Young Victoria

theyoungvictoria-2This review contains spoilers (as if history didn’t contain enough).

In 1836, when Princess Victoria of Kent (Emily Blunt), the heir apparent to the throne of England, first meets Prince Albert of Saxe-Coburg-Gotha (Rupert Friend), she is in a very delicate situation, both politically and personally.

Her mother, the Duchess of Kent (Miranda Richardson) is heavily under the influence of her brother, King Leopold I of Belgium (Thomas Kretschmann), who devoutly wishes an alliance with Britain to keep Belgium safe from France, and Sir John Conroy (Mark Strong), the comptroller of her household, who wants King William IV (Jim Broadbent) to die while Victoria is still a minor so that the Duchess will be appointed Regent and he can rule England from behind the scenes.

Victoria herself is in rebellion against both of these constraints, siding instead with King William. She resents the control that Conroy exerts over her mother and she resents the domestic restraints that they both hold on her.  While she is ill, Conroy even attempts to force her to sign an agreement for a Regency, but she bats the document away.  Conroy treats her quite brutally, once grabbing her physically and throwing her on a sofa.  When her mother stands by and allows this to happen, she warns her mother that she will never forget it.

King Leopold decides that the best way to keep England friendly is to have his nephew, Prince Albert, become very friendly with Victoria, perhaps even marry her, so he sends Albert to England for a visit. Trained to know all of her favorite music, reading, and opera, Albert tries to forge a friendship, but Victoria sees right away what he’s up to.  Changing tacks, he decides to be honest and disagree with her when their opinions differ.  Immediately, Victoria notices and decides to give him a little slack.  The more they talk, the fonder they grow, gradually falling in love, until, at last, Albert must return to Germany.

When King William dies, Victoria has come of age and she makes a few quick decisions. Although she allows her mother separate apartments at Buckingham Palace (built by William, Victoria was the first regal tenant), but she banishes Conroy.  Making friends with Lord Melbourne, she takes him as an advisor.  Although she desires to improve the living conditions of the poor, Melbourne steers her away from that and arranges her household as he wants it.  When Melbourne falls from power, Queen Victoria refuses to change her appointments to suit the new Prime Minister and the government falls.  There is a huge reaction in the public against her, there are riots outside the palace, and in one instance, a window is broken by a flying object.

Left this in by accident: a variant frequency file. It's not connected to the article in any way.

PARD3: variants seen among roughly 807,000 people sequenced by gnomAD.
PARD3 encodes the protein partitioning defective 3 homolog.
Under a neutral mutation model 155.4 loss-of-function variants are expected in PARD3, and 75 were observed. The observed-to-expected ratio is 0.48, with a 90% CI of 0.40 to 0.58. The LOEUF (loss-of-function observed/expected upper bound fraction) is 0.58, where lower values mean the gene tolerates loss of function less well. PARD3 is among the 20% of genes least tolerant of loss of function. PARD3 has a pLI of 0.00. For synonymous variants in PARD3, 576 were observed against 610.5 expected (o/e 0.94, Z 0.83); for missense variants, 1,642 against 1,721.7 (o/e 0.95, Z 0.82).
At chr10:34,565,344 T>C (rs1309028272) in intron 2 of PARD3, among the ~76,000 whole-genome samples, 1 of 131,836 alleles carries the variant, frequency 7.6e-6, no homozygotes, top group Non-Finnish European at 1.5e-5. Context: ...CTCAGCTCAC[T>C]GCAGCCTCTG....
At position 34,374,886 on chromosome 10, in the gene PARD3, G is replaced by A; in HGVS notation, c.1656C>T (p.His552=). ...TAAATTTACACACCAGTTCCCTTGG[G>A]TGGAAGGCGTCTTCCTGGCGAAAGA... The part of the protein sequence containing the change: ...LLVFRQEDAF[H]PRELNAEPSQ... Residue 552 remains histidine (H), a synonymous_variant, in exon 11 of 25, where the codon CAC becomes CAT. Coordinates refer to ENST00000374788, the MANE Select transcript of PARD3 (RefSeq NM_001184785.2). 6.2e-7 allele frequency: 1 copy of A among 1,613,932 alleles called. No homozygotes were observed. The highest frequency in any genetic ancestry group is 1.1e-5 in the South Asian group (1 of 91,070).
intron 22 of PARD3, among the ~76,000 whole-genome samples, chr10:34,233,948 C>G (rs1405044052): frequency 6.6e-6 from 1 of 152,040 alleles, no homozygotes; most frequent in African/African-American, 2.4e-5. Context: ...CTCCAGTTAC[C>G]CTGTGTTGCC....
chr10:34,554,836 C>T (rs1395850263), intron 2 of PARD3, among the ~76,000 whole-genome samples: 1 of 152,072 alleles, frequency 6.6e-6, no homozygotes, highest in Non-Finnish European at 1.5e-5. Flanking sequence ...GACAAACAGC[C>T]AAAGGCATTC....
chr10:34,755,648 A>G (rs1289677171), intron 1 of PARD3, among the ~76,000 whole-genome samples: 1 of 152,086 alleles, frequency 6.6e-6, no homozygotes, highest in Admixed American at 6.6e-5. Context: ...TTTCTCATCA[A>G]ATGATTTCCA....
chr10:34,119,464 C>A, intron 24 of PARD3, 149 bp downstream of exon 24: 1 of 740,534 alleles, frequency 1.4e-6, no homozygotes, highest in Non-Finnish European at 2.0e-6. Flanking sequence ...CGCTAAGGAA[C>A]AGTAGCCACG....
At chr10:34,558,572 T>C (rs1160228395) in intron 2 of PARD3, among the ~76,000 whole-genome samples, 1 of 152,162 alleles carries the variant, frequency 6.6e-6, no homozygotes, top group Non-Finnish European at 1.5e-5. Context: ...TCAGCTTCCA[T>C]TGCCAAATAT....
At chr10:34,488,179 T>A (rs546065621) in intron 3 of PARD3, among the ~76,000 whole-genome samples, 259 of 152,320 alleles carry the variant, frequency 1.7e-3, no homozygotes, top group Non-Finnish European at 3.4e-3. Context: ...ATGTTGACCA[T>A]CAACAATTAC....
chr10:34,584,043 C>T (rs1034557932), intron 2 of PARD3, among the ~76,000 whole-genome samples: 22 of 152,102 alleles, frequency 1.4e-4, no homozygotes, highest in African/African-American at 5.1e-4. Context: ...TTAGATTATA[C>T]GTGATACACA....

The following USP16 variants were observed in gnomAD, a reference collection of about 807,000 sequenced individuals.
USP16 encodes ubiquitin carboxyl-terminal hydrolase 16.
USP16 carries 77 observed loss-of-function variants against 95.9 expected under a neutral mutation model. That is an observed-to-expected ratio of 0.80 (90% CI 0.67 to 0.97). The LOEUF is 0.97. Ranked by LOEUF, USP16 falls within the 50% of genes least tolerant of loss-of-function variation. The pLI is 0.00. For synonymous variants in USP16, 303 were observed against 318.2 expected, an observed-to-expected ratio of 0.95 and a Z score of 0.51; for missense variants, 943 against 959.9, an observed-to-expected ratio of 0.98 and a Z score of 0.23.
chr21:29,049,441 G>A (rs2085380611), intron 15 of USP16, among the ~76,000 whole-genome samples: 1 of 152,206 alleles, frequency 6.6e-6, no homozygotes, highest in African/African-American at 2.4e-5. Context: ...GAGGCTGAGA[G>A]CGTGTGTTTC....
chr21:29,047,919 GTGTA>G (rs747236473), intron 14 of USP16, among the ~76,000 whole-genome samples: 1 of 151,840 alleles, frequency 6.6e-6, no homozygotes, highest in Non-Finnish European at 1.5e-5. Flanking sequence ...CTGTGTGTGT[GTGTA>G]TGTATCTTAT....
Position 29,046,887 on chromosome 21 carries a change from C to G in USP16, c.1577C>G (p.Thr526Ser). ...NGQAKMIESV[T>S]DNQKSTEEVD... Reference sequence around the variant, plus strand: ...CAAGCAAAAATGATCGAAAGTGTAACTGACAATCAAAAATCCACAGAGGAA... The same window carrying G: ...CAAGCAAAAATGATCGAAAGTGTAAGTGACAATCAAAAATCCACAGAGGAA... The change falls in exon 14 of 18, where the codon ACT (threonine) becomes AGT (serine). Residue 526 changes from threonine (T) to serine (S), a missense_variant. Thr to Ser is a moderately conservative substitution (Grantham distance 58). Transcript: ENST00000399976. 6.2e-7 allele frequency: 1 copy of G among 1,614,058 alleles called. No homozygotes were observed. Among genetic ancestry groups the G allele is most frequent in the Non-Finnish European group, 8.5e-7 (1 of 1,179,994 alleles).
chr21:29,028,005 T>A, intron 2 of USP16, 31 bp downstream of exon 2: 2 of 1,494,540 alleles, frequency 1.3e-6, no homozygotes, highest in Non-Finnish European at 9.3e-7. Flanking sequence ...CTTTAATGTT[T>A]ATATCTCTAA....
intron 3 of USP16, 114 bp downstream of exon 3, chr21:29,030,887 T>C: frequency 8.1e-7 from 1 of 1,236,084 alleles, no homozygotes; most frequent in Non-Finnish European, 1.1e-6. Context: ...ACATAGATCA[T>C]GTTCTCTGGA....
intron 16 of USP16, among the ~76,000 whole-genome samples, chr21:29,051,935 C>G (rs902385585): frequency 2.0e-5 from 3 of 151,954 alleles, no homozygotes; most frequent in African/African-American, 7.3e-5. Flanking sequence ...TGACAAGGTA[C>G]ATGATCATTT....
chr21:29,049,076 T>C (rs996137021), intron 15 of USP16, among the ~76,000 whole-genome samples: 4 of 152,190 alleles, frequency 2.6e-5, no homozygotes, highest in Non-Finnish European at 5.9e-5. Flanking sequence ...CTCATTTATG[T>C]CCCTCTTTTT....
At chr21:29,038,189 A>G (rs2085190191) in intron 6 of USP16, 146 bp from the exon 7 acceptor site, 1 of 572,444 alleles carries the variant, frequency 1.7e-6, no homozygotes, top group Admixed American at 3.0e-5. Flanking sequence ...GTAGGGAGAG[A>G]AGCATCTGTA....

Confused and needing help from a friend, she calls on Prince Albert to come to her, not just as an advisor, but as a husband and they are finally able to consummate their simmering love. Just when things would appear to be quite well, Albert makes the mistake of making a decision without consulting her and Victoria reacts strongly, feeling that, like Conroy, he was attempting to rule England behind her back and they have a vicious quarrel.  At a public appearance, a gunman appears and tries to assassinate Victoria, but Albert takes the bullet for her, thus proving his real love.

The two then form a true partnership and rule England successfully for another 20 years when typhoid takes Albert. Alone, Queen Victoria then ruled England alone until she was over 80 years old, supervising England’s management (not always successfully) of the Industrial Revolution and leaving a false impression of extreme prudishness.

This film is beautifully made. The art direction, photography, costumes, locations, acting, directing, music, and photography are all first rate.  Much credit must be given to director Jean-Marc Vallée for imposing strict control over the length of the film and the editing.  Some period dramas like this run amok by running two or three hours in length, but the timing of this film feels just right.  The script by Julian Fellowes maintains as much historical accuracy as possible, while still bending reality to make it a pretty good movie.  It is focussed, as it should be, on the love story, but the love story is underpinned everywhere by the politics and Fellowes did a fantastic job of merging the two worlds.  Much credit should also go to Sandy Powell for her Academy Award winning costumes.

Emily Blunt is simply stunning as Victoria. She shows such a range of acting that I found myself completely won over within the first few minutes of the film.  Rupert Friend was a wonderful casting decision as Albert because he brings both restraint and passion to the performance.  The chemistry between these two is really terrific and one completely believes not just the love, but the political realities of both of them.

You don’t need a PhD in History to understand this moving love story that involves two kingdoms, ministers, lords and ladies. It is passionate, well-made, well-timed and beautiful to watch.  I highly recommend the movie!

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